Mets Game 115: Win Over Diamondbacks
Mets 9 Diamondbacks 5
What’s this? Offense? Not a one-run game? And doing it with the long ball? Bizarre.
Mets Game Notes
Jonathon Niese wasn’t great in his first start returning from the DL, but he was good enough. As usual, he had only one of the cutter/curve working — in this case, it was the curve that was effective while the cutter was flat. His velocity was where it needed to be, though his command was so-so — which was to be expected in his first time back.
Wilmer Flores remains hot, swatting his first big-league homer. Anyone miss David Wright yet? Anyone wonder what the Mets lineup might be like with Wright and Flores? Would we have known, had Wright not injured himself?
Like Keith Hernandez, I am absolutely stunned by the approach to Ike Davis by opposing pitchers. As Keith has said, it’s as if they’re facing Babe Ruth. I understand that earlier in the year, Davis was swinging at everything, so it made sense to never give him a strike. But gee whiz — can anyone make an adjustment? In-game? In-series? Do the coaches and players have their heads buried so far into the stat sheets and scouting reports that they can’t make logical decisions based on what’s happening right now? Forest for the trees, anyone?
Along those lines, I’m curious to know how long it takes for scouting reports to “catch up.” With today’s technology, one would think it would be fairly quick. Maybe advance scouts aren’t being dispatched to Mets games?
The Mets continue their “hair on fire” approach to baserunning, as Mike Baxter was thrown out at home to end the third inning. He started on first base and was attempting to score on a single, and the argument was that the pitcher was the next hitter. Well … OK. Maybe? Niese did stroke a base hit his first time up, so it’s not like he’s Bob Buhl. This no-thought, ultra-aggressive style is similar to what I see at the youth levels — 13U, 12U, 11U — where coaches care more about winning than teaching the game tell their kids to just keep running until you hit home plate, because chances are, the defense can’t execute a relay AND make the catch AND apply the tag. Sure, the kids may always get the extra base and/or score, but what have they learned? That 12-year-olds can’t play defense? That most 13-year-olds aren’t ready for the “big field”? What else? Certainly nothing about baserunning. I’m not saying the Mets shouldn’t take an extra base when there’s an opportunity, but they’re usually taking the extra base with the singular intent of putting the pressure on the defense to execute. Maybe they’re right to do that, considering the horrendously low levels of fundamental skill displayed by “Major League” players these days. Perhaps this is their “Moneyball” edge — exploiting the lack of quality at the MLB level. If so, that’s kind of sad for BeelzeBud’s “product.”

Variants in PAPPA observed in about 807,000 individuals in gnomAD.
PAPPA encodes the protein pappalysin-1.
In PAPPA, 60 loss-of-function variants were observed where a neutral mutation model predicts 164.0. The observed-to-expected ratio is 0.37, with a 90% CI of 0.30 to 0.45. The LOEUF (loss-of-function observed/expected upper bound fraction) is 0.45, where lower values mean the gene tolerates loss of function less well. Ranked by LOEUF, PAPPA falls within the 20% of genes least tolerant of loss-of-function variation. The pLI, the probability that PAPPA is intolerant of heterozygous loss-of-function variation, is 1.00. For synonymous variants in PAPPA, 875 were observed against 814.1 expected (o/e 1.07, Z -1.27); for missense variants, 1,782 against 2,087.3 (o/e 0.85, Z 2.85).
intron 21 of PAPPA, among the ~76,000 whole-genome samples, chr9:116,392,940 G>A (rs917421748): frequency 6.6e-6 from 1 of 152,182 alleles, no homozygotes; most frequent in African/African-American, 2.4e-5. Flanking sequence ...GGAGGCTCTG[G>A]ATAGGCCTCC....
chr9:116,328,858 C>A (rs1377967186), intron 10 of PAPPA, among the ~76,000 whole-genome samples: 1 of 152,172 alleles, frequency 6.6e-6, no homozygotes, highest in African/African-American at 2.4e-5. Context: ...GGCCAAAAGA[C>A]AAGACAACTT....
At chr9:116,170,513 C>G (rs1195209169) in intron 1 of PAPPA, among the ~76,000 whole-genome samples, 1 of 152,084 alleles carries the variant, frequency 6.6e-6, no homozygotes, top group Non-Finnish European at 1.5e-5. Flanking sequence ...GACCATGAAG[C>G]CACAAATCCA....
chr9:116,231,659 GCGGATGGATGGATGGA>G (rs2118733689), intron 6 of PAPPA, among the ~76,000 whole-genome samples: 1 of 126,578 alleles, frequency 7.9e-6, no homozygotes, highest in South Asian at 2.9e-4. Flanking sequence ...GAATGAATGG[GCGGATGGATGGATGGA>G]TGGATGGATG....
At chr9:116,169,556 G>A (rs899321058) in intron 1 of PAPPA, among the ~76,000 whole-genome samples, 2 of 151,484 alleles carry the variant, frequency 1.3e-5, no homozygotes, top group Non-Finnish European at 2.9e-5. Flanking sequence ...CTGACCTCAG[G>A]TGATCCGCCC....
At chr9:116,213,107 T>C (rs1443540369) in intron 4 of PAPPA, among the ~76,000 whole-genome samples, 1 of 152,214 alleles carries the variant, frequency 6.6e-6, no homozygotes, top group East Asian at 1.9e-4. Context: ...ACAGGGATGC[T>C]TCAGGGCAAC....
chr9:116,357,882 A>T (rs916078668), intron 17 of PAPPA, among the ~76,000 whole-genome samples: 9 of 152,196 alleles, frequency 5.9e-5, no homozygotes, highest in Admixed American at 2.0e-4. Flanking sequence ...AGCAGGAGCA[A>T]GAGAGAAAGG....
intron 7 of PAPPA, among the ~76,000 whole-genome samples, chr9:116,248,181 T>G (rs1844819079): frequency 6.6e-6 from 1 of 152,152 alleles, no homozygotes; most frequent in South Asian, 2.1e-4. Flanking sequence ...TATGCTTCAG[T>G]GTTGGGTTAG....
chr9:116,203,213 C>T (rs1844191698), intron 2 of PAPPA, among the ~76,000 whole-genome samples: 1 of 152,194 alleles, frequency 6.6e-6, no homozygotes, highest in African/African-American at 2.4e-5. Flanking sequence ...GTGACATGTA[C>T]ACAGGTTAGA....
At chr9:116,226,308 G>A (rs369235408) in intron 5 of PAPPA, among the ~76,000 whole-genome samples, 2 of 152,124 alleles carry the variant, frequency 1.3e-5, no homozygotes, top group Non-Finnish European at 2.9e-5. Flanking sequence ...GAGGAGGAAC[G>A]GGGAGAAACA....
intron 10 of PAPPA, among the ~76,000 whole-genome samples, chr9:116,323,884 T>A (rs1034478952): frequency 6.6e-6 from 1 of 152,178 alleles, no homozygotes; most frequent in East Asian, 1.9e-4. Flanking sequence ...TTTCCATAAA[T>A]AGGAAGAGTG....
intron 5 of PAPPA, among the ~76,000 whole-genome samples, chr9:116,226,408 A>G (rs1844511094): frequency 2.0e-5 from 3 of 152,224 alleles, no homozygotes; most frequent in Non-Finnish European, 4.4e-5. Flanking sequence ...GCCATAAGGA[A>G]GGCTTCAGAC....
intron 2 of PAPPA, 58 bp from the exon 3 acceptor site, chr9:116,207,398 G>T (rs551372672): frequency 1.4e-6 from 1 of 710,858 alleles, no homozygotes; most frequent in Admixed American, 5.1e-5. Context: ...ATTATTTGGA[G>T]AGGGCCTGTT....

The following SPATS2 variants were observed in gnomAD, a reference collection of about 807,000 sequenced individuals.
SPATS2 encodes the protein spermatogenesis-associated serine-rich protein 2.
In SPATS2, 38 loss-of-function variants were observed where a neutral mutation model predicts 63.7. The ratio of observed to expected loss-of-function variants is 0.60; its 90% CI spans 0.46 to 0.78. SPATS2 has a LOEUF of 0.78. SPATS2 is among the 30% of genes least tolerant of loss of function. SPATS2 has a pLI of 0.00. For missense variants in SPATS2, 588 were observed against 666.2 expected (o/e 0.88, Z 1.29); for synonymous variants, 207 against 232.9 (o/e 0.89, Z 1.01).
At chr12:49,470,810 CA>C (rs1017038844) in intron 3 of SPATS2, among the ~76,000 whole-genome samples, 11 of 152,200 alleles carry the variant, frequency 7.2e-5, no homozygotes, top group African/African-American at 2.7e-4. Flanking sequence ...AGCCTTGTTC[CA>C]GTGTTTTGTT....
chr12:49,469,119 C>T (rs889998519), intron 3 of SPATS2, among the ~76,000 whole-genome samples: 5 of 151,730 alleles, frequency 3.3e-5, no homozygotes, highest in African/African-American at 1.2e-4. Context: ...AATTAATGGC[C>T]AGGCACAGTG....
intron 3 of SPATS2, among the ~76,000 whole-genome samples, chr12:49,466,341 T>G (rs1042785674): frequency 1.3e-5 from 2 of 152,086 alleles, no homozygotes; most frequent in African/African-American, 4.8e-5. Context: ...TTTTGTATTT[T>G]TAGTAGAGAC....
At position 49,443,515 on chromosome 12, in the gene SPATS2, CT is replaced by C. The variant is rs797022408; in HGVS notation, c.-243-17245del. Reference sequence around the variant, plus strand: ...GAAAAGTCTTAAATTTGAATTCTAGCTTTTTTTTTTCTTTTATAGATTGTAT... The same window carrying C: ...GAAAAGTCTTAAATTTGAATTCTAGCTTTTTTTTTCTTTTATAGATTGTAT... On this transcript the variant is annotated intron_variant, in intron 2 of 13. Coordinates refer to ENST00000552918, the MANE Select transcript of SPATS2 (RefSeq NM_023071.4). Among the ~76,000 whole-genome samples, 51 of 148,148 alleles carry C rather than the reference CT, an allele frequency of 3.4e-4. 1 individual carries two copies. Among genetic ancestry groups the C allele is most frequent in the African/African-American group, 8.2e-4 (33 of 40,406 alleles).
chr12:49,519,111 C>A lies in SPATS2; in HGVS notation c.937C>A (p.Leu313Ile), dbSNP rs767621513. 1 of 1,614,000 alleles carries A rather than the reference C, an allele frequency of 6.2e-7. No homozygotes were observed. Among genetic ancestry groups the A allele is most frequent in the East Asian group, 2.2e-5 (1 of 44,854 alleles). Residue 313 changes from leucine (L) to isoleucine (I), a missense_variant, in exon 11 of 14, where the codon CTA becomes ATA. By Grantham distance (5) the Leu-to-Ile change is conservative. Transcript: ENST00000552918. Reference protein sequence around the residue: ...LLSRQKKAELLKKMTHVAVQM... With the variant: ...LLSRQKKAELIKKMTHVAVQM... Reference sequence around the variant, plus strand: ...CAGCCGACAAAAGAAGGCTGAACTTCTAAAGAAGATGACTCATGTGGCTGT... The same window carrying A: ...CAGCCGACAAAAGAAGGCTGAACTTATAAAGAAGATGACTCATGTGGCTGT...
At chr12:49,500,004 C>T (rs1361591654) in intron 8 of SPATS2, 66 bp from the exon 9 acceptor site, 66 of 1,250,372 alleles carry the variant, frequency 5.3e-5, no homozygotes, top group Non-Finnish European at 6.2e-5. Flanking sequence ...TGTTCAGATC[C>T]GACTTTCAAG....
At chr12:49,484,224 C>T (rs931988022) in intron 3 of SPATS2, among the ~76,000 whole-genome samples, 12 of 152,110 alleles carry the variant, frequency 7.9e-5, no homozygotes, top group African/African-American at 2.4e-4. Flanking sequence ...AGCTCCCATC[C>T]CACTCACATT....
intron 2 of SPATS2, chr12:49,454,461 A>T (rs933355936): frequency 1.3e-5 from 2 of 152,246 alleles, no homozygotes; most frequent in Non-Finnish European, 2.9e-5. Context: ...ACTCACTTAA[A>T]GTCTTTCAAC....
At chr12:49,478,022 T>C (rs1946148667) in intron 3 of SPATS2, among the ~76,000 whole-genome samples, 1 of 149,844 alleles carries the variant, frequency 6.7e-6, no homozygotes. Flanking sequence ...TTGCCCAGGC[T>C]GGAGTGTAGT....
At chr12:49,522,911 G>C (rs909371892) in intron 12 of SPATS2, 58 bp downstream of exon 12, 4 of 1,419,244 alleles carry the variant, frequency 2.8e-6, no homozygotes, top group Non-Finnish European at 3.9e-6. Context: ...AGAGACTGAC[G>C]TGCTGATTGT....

Speaking of aggressiveness, as mentioned in the previous game recap, the Snakes swing early and often — which may have had more to do with Niese’s fairly efficient pitch count through the first five frames than anything special Niese was doing. Ironically, though, four of Niese’s strikeouts came on called third strikes. Go figure. I’ve stopped trying to figure out what the heck is going on inside the minds of today’s big leaguers.
Josh Collmenter seems to have finally found his niche. After failing as a starter, he’s now a long reliever. His “iron mike” delivery and change-up remind me a bit of Tyler Clippard — who knows, maybe Collmenter will eventually develop into a setup man.
I nominate Tuffy Gosewisch as the best name in MLB today. Anyone second it?